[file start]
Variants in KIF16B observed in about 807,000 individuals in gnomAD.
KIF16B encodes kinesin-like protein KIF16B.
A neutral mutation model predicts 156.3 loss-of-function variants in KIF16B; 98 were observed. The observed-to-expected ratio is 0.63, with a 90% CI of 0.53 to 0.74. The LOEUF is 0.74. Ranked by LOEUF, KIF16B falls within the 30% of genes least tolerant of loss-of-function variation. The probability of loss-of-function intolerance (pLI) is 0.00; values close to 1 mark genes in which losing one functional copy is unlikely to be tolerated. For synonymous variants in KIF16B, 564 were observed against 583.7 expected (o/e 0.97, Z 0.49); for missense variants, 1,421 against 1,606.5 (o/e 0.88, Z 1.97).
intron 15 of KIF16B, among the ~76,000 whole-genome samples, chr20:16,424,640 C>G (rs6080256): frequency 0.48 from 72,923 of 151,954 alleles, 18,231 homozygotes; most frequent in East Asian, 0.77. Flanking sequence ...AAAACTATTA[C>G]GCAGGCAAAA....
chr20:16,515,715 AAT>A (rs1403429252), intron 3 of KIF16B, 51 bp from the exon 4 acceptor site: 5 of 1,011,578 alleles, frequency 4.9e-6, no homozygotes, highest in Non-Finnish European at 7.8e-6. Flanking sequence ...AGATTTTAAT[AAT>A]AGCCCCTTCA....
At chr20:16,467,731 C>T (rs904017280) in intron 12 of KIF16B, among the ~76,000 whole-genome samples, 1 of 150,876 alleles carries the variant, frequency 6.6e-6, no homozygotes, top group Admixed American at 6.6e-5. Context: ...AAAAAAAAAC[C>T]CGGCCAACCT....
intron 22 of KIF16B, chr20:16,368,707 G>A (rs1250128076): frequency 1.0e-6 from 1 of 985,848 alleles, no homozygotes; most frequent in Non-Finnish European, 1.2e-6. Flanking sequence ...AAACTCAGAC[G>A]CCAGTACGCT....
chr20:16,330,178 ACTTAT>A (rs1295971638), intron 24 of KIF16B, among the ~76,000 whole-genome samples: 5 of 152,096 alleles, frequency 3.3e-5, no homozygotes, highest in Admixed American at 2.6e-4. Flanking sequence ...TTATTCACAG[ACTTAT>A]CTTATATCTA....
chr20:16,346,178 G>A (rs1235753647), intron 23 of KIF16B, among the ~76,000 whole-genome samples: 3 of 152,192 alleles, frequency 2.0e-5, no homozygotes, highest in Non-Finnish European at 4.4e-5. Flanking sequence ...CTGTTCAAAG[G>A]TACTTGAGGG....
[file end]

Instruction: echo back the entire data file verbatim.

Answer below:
Variants in KIF16B observed in about 807,000 individuals in gnomAD.
KIF16B encodes kinesin-like protein KIF16B.
A neutral mutation model predicts 156.3 loss-of-function variants in KIF16B; 98 were observed. The observed-to-expected ratio is 0.63, with a 90% CI of 0.53 to 0.74. The LOEUF is 0.74. Ranked by LOEUF, KIF16B falls within the 30% of genes least tolerant of loss-of-function variation. The probability of loss-of-function intolerance (pLI) is 0.00; values close to 1 mark genes in which losing one functional copy is unlikely to be tolerated. For synonymous variants in KIF16B, 564 were observed against 583.7 expected (o/e 0.97, Z 0.49); for missense variants, 1,421 against 1,606.5 (o/e 0.88, Z 1.97).
intron 15 of KIF16B, among the ~76,000 whole-genome samples, chr20:16,424,640 C>G (rs6080256): frequency 0.48 from 72,923 of 151,954 alleles, 18,231 homozygotes; most frequent in East Asian, 0.77. Flanking sequence ...AAAACTATTA[C>G]GCAGGCAAAA....
chr20:16,515,715 AAT>A (rs1403429252), intron 3 of KIF16B, 51 bp from the exon 4 acceptor site: 5 of 1,011,578 alleles, frequency 4.9e-6, no homozygotes, highest in Non-Finnish European at 7.8e-6. Flanking sequence ...AGATTTTAAT[AAT>A]AGCCCCTTCA....
At chr20:16,467,731 C>T (rs904017280) in intron 12 of KIF16B, among the ~76,000 whole-genome samples, 1 of 150,876 alleles carries the variant, frequency 6.6e-6, no homozygotes, top group Admixed American at 6.6e-5. Context: ...AAAAAAAAAC[C>T]CGGCCAACCT....
intron 22 of KIF16B, chr20:16,368,707 G>A (rs1250128076): frequency 1.0e-6 from 1 of 985,848 alleles, no homozygotes; most frequent in Non-Finnish European, 1.2e-6. Flanking sequence ...AAACTCAGAC[G>A]CCAGTACGCT....
chr20:16,330,178 ACTTAT>A (rs1295971638), intron 24 of KIF16B, among the ~76,000 whole-genome samples: 5 of 152,096 alleles, frequency 3.3e-5, no homozygotes, highest in Admixed American at 2.6e-4. Flanking sequence ...TTATTCACAG[ACTTAT>A]CTTATATCTA....
chr20:16,346,178 G>A (rs1235753647), intron 23 of KIF16B, among the ~76,000 whole-genome samples: 3 of 152,192 alleles, frequency 2.0e-5, no homozygotes, highest in Non-Finnish European at 4.4e-5. Flanking sequence ...CTGTTCAAAG[G>A]TACTTGAGGG....